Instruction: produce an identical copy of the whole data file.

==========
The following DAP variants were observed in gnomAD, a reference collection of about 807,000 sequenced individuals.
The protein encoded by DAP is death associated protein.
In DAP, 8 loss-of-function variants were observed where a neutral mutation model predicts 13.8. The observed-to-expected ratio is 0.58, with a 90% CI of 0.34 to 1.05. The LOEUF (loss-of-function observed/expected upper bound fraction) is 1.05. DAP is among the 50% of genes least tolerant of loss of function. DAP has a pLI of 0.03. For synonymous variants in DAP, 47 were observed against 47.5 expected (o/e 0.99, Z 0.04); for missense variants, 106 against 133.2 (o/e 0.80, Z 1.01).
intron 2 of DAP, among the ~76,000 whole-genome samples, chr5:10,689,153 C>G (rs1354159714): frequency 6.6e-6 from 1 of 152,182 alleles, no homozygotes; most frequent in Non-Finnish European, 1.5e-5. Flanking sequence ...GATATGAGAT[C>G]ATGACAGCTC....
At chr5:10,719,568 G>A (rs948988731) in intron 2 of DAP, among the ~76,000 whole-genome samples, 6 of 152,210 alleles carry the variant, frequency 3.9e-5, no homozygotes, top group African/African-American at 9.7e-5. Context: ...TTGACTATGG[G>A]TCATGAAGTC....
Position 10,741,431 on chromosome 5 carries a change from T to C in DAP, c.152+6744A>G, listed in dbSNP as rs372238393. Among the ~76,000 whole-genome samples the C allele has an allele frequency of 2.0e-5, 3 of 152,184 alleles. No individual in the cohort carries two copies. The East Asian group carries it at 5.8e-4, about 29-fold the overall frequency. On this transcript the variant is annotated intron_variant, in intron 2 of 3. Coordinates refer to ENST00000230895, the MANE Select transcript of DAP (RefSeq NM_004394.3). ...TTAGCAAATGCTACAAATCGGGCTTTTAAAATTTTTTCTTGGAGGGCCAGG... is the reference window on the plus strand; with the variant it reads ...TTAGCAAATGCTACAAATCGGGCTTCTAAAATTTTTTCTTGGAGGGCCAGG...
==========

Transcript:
The following DAP variants were observed in gnomAD, a reference collection of about 807,000 sequenced individuals.
The protein encoded by DAP is death associated protein.
In DAP, 8 loss-of-function variants were observed where a neutral mutation model predicts 13.8. The observed-to-expected ratio is 0.58, with a 90% CI of 0.34 to 1.05. The LOEUF (loss-of-function observed/expected upper bound fraction) is 1.05. DAP is among the 50% of genes least tolerant of loss of function. DAP has a pLI of 0.03. For synonymous variants in DAP, 47 were observed against 47.5 expected (o/e 0.99, Z 0.04); for missense variants, 106 against 133.2 (o/e 0.80, Z 1.01).
intron 2 of DAP, among the ~76,000 whole-genome samples, chr5:10,689,153 C>G (rs1354159714): frequency 6.6e-6 from 1 of 152,182 alleles, no homozygotes; most frequent in Non-Finnish European, 1.5e-5. Flanking sequence ...GATATGAGAT[C>G]ATGACAGCTC....
At chr5:10,719,568 G>A (rs948988731) in intron 2 of DAP, among the ~76,000 whole-genome samples, 6 of 152,210 alleles carry the variant, frequency 3.9e-5, no homozygotes, top group African/African-American at 9.7e-5. Context: ...TTGACTATGG[G>A]TCATGAAGTC....
Position 10,741,431 on chromosome 5 carries a change from T to C in DAP, c.152+6744A>G, listed in dbSNP as rs372238393. Among the ~76,000 whole-genome samples the C allele has an allele frequency of 2.0e-5, 3 of 152,184 alleles. No individual in the cohort carries two copies. The East Asian group carries it at 5.8e-4, about 29-fold the overall frequency. On this transcript the variant is annotated intron_variant, in intron 2 of 3. Coordinates refer to ENST00000230895, the MANE Select transcript of DAP (RefSeq NM_004394.3). ...TTAGCAAATGCTACAAATCGGGCTTTTAAAATTTTTTCTTGGAGGGCCAGG... is the reference window on the plus strand; with the variant it reads ...TTAGCAAATGCTACAAATCGGGCTTCTAAAATTTTTTCTTGGAGGGCCAGG...